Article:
Question: 
Aren't all scriptures written by humans? If so, how is it possible to have faith in them?


Our Answer:
The scriptures—specifically, the Vedas—themselves explain that although they appear within human society for our benefit, they weren't written by ordinary humans, but by beings empowered by God with the necessary vision. They're like the instruction manual for how to live in this world; and most instruction manuals aren't written by the inventors themselves.

In Sanskrit the scriptures are called apaurusheya, not of human origin. Ultimately, all scriptures are given to us by the Supreme Person, who delegates responsibility to others for disseminating them.

You can test the validity of scriptural statements by acting according to them and seeing if the predicted benefit is attained. Blind doubt is just as bad as blind faith. You have to test the statement, as far as is possible, in order to have faith.

Why did Krishna choose a battlefield as the setting for speaking the Bhagavad Gita?

Question: 
Why did Krishna choose a battlefield as the setting for speaking the Bhagavad Gita?


Our Answer:
Whenever Krishna does something, He accomplishes many purposes simultaneously. Krishna chose to speak the Bhagavad-gita to His devotee and friend Arjuna on the Battlefield of Kurukshetra for a number of reasons. Krishna's purpose in coming to the material world is to deliver His devotees from the anxieties of material existence, annihilate those who disturb the universal order, and to reestablish principles of religion. His choice of Kurukshetra for speaking the Bhagavad-gita accomplished all three of these.

Just prior to the war, Arjuna was overcome with resistance; he didn't want to fight. Even though fighting was his nature as a warrior, and the war he was about to fight in was a clear case of righteousness versus unrighteousness, he was so distressed about the consequences of the impending conflict that he lay down his bow.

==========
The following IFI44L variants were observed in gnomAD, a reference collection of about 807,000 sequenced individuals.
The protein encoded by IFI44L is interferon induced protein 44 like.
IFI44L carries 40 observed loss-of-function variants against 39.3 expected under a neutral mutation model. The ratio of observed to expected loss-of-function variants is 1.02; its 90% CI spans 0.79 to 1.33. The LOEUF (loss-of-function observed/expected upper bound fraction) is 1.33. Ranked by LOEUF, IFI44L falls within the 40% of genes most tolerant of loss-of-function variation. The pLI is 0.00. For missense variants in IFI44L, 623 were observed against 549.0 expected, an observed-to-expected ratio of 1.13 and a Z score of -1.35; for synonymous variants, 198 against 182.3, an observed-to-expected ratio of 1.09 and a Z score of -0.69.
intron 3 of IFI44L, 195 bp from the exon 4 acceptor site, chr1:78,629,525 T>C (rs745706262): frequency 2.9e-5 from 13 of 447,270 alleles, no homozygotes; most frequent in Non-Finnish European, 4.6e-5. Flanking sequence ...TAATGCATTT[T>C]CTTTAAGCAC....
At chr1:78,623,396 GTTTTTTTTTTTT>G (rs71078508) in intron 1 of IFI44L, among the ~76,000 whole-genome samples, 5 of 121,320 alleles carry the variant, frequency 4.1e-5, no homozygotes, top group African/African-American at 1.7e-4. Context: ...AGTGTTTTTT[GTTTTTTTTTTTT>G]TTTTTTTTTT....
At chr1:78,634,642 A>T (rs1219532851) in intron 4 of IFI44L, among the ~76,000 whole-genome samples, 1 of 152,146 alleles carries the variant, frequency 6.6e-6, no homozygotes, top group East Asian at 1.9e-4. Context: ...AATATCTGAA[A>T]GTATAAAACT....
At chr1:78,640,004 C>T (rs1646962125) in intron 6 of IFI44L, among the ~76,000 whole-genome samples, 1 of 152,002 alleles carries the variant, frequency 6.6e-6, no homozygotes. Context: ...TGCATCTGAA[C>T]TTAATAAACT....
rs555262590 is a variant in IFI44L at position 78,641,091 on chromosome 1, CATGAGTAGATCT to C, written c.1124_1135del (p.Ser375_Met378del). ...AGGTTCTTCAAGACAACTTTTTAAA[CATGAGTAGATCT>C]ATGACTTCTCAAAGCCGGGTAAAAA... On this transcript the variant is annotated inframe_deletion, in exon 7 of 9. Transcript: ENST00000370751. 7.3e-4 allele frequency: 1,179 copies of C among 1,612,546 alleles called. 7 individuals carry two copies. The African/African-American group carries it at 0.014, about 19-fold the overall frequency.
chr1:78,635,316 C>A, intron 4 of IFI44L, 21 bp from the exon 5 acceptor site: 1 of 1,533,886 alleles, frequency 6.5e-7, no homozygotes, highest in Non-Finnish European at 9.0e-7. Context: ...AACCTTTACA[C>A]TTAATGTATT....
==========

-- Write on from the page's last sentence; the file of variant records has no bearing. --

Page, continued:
In the course of speaking the Bhagavad-gita, Krishna reminds Arjuna of the eternality of the soul, the relationship between the infinite Supreme Soul and the individual soul, and how to perfect that relationship through practice of bhakti-yoga, Krishna consciousness. By hearing from Krishna, Arjuna's anxiety is removed, and he becomes divinely inspired to fight for Krishna's cause without hesitation. As a result, he becomes Krishna's instrument for ridding the world of a huge overabundance of ungodly military forces. Everyone who hears their conversation gets spiritual benefit.

Krishna's choice of Kurukshetra as the setting for speaking the Bhagavad-gita is also noteworthy for its extremity. The violence and scale of human loss there was tremendous, and it would be hard to conceive of a more intense scene. Arjuna's questions and Krishna's answers on the nature of reality itself could not have taken place at a more grave moment, proving to the rest of us that if it's possible to be perfectly God conscious in the midst of a gigantic battle, it's certainly possible to think of Krishna in less stressful situations.

Do we need the Mahabharata?

Question: 
Does the Mahabharata have any spiritual significance aside from it containing the Bhagavad-gita?

Our Answer:

Actually, the Bhagavad Gita is part of the larger historical narrative of the Mahabharata. The Mahabharata provides the important contextual history of the battle at Kuruksetra and of the Pandavas and Kauravas. One can appreciate the Bhagavad Gita, the great conversation between Arjuna and Krishna, even more upon understanding their familial connection as cousins and upon learning about Arjuna’s glorious birth and activities, many of which intersect with Krishna and Balarama’s.

While it is true that we can perfect our bhakti practice through studying the Gita and through chanting alone, all of these other texts, including the Mahabharata, inform and inspire our practice. If the Mahabharata succeeds in attracting our minds to Krishna—and it has for many—than it is preeminently useful for us.